So many things have changed since July 27, 2013.
I worry more about my mother.
My mother worries more about me, with a tremble in her voice.
I have more nightmares. Horrible, vivid nightmares.
I dream about my remaining siblings dying. About my mother dying. My children. My dogs.
Their deaths are gruesome.
I dream about my close friends disappearing without a trace.
About adopting a new dog; bringing it home, naming it, loving it. And then it dies.
When my alarm buzzes in the morning, my blankets are on the floor and the cases have been ripped from my pillows.
I have come to dread the night.
And my child dreams. She wakes up crying, unable to catch her breath and unsure if the reason is asthma or anxiety. She runs to the living room and checks the dogs, feeling all over their tiny bodies for any hint of a cancerous lump.
My other daughter is just angry. All the time. Every day.
When my husband or children are more than five minutes late coming home, I immediately imagine they’ve been in a terrible accident, and then stand in my living room arguing with myself over the stupidity of my worry.
Even as I peer through the window and down the road for any sign of our vehicle.
This winter has been riddled with colds, and anytime I sneeze or cough, my mom shows up with money to shove in my hand and pleas to take myself to the doctor.
“Catch it early!” she says, followed by a hard swallow. “Catch it early and you’ll be okay!”
Because my sister did not catch it early, and my sister was not okay.
And I see the difference in our family doctor, and I remember how she wept when my sister died. If my children or I go in for an asthma flare or a sinus infection, her face pinches up as she examines, quickly firing off questions like Do you have worsening pain anywhere? Night sweats? Random fevers? Have you felt any lumps? Have you checked for lumps? Let me check.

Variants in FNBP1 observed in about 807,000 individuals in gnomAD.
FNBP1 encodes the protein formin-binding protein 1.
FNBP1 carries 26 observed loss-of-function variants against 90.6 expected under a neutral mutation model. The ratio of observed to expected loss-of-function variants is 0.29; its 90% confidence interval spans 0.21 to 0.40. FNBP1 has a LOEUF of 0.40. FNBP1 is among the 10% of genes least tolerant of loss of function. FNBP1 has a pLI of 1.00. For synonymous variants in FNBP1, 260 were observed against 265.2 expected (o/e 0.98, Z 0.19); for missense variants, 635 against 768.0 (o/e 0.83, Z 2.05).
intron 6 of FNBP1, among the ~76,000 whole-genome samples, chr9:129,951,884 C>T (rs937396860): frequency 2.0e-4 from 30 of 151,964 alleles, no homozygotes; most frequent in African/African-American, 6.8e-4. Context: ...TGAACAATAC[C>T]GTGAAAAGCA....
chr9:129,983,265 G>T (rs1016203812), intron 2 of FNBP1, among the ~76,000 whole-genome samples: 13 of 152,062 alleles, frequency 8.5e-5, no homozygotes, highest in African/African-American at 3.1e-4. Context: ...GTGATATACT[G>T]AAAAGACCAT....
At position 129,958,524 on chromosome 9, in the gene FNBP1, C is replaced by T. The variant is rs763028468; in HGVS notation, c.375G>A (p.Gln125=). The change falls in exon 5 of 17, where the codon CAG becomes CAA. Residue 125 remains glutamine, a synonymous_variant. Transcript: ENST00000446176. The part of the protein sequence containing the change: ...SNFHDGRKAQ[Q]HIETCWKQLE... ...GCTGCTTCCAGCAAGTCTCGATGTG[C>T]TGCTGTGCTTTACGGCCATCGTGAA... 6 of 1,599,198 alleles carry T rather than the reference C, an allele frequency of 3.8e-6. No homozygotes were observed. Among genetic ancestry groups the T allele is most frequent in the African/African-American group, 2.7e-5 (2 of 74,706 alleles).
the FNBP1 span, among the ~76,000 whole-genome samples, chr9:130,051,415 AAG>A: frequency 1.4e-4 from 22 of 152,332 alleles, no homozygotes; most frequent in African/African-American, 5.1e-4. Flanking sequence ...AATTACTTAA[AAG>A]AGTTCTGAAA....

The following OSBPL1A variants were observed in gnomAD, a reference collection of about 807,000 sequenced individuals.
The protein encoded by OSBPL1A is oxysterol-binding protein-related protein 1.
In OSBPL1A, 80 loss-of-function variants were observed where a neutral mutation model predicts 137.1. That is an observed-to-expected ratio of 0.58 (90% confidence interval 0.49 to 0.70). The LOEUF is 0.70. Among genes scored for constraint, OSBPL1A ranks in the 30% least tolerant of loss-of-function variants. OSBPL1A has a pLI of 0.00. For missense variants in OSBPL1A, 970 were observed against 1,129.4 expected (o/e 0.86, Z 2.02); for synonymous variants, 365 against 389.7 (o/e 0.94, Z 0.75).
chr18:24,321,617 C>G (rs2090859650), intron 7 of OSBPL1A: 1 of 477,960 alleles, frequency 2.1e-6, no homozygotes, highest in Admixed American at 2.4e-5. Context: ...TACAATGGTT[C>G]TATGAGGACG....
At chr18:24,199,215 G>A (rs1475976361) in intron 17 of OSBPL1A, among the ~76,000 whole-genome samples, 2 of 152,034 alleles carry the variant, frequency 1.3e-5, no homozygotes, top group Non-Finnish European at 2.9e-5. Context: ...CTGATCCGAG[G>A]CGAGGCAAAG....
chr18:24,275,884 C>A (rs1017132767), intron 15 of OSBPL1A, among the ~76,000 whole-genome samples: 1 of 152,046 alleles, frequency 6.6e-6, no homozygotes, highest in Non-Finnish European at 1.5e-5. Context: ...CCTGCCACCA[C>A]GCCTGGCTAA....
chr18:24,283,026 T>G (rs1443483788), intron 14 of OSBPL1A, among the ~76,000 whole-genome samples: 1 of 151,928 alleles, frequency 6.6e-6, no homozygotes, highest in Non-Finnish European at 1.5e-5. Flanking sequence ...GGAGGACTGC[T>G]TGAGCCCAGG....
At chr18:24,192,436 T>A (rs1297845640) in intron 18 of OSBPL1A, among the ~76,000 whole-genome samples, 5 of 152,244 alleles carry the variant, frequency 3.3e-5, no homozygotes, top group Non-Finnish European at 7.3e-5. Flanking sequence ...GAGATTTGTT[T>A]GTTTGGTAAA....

It’s different now.
Because we are now A Family Touched By Cancer.
And that makes everything change.
I notice the difference when I know a friend from long ago — when we were melodramatic teens giggling over boys and clothes and dances — is now battling her second round of cancer. I want to reach out, I want to connect and do something to help, to make it easier.
But I sit paralyzed.
Because I don’t want to see cancer anymore.
I close my eyes against tear-jerker commercials begging for money for bald children, fighting for their lives and losing their childhood innocence and can’t I give just a little of my paycheck for them?
I grab the remote and change the channel.
I can’t. I can’t bear to see it. Or touch it. Or hear it.
I am selfish.
I notice the difference when I stand weeping in a Wal-Mart with a skein of yarn in my hands, wondering at the tears slipping down my face; the burning, choking sensation in my throat.
I think and think and count the days and finally it strikes me. It’s the twenty-seventh of the month, the anniversary that somehow my tears remembered but I tried to forget.
My tears never forget.
I see a tall, thin women in a store; long blond and brown and meticulously straightened hair hanging down her back. I see a brightly colored, peace sign bag swinging from her shoulder and my heart catches and stops for a second and I think Oh! Charlotte is here!
And I take two or maybe three steps and then I remember.
I used to visit my father’s grave. I would cry and leave a poem I had written and I’d notice the cherry cough drops or a crushed Bud Light can left by one of my nephews and I would smile a little bit.
I haven’t gone since we buried my sister next to him.
I cannot bear to see her name on a headstone.
It was too soon.
And I wasn’t ready.
Everything has changed. Every bit, every piece of life has changed.
And sometimes I just really miss the way things used to be.